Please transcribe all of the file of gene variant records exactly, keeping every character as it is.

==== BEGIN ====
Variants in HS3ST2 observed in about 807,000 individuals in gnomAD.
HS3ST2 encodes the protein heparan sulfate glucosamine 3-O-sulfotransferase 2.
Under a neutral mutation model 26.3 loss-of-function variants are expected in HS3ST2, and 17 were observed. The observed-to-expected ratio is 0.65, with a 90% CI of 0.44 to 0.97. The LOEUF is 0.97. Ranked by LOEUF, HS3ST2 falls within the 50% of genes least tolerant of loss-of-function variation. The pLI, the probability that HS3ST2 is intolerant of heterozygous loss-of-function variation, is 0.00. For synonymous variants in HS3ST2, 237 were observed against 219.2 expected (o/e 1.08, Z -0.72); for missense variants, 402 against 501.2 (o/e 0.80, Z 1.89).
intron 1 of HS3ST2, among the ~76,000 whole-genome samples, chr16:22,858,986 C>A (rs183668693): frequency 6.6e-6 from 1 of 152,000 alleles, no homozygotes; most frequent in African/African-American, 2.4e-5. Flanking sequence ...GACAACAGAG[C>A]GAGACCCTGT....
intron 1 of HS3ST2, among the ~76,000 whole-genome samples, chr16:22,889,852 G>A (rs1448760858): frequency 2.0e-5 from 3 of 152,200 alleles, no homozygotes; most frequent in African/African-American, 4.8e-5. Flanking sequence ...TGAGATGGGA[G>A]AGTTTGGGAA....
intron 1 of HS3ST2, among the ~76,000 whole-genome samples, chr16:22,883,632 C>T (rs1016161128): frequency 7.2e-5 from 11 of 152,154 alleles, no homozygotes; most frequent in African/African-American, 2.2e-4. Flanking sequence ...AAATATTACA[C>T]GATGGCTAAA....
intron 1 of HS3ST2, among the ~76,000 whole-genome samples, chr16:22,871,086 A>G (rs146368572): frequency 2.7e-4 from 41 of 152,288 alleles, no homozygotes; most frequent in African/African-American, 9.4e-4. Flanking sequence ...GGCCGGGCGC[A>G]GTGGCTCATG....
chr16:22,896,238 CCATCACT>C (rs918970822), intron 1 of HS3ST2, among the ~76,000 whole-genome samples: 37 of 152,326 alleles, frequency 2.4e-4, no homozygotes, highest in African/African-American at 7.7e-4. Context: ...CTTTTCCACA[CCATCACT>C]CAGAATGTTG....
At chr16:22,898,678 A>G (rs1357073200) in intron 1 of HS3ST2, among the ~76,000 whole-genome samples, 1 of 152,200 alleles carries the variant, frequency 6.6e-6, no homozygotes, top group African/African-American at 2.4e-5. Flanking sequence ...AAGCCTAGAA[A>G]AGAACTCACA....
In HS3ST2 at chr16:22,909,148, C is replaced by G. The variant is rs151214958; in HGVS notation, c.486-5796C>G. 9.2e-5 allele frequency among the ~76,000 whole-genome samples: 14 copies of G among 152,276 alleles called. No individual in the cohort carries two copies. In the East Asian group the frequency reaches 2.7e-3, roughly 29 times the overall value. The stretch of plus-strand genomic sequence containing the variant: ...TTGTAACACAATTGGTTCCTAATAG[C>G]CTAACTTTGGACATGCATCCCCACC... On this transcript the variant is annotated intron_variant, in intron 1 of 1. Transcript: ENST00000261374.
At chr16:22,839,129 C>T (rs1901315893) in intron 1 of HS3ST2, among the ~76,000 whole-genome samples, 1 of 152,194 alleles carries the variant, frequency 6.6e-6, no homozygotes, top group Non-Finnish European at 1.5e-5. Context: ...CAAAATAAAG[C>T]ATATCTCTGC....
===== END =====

Variants in HS3ST2 observed in about 807,000 individuals in gnomAD.
HS3ST2 encodes the protein heparan sulfate glucosamine 3-O-sulfotransferase 2.
Under a neutral mutation model 26.3 loss-of-function variants are expected in HS3ST2, and 17 were observed. The observed-to-expected ratio is 0.65, with a 90% CI of 0.44 to 0.97. The LOEUF is 0.97. Ranked by LOEUF, HS3ST2 falls within the 50% of genes least tolerant of loss-of-function variation. The pLI, the probability that HS3ST2 is intolerant of heterozygous loss-of-function variation, is 0.00. For synonymous variants in HS3ST2, 237 were observed against 219.2 expected (o/e 1.08, Z -0.72); for missense variants, 402 against 501.2 (o/e 0.80, Z 1.89).
intron 1 of HS3ST2, among the ~76,000 whole-genome samples, chr16:22,858,986 C>A (rs183668693): frequency 6.6e-6 from 1 of 152,000 alleles, no homozygotes; most frequent in African/African-American, 2.4e-5. Flanking sequence ...GACAACAGAG[C>A]GAGACCCTGT....
intron 1 of HS3ST2, among the ~76,000 whole-genome samples, chr16:22,889,852 G>A (rs1448760858): frequency 2.0e-5 from 3 of 152,200 alleles, no homozygotes; most frequent in African/African-American, 4.8e-5. Flanking sequence ...TGAGATGGGA[G>A]AGTTTGGGAA....
intron 1 of HS3ST2, among the ~76,000 whole-genome samples, chr16:22,883,632 C>T (rs1016161128): frequency 7.2e-5 from 11 of 152,154 alleles, no homozygotes; most frequent in African/African-American, 2.2e-4. Flanking sequence ...AAATATTACA[C>T]GATGGCTAAA....
intron 1 of HS3ST2, among the ~76,000 whole-genome samples, chr16:22,871,086 A>G (rs146368572): frequency 2.7e-4 from 41 of 152,288 alleles, no homozygotes; most frequent in African/African-American, 9.4e-4. Flanking sequence ...GGCCGGGCGC[A>G]GTGGCTCATG....
chr16:22,896,238 CCATCACT>C (rs918970822), intron 1 of HS3ST2, among the ~76,000 whole-genome samples: 37 of 152,326 alleles, frequency 2.4e-4, no homozygotes, highest in African/African-American at 7.7e-4. Context: ...CTTTTCCACA[CCATCACT>C]CAGAATGTTG....
At chr16:22,898,678 A>G (rs1357073200) in intron 1 of HS3ST2, among the ~76,000 whole-genome samples, 1 of 152,200 alleles carries the variant, frequency 6.6e-6, no homozygotes, top group African/African-American at 2.4e-5. Flanking sequence ...AAGCCTAGAA[A>G]AGAACTCACA....
In HS3ST2 at chr16:22,909,148, C is replaced by G. The variant is rs151214958; in HGVS notation, c.486-5796C>G. 9.2e-5 allele frequency among the ~76,000 whole-genome samples: 14 copies of G among 152,276 alleles called. No individual in the cohort carries two copies. In the East Asian group the frequency reaches 2.7e-3, roughly 29 times the overall value. The stretch of plus-strand genomic sequence containing the variant: ...TTGTAACACAATTGGTTCCTAATAG[C>G]CTAACTTTGGACATGCATCCCCACC... On this transcript the variant is annotated intron_variant, in intron 1 of 1. Transcript: ENST00000261374.
At chr16:22,839,129 C>T (rs1901315893) in intron 1 of HS3ST2, among the ~76,000 whole-genome samples, 1 of 152,194 alleles carries the variant, frequency 6.6e-6, no homozygotes, top group Non-Finnish European at 1.5e-5. Context: ...CAAAATAAAG[C>T]ATATCTCTGC....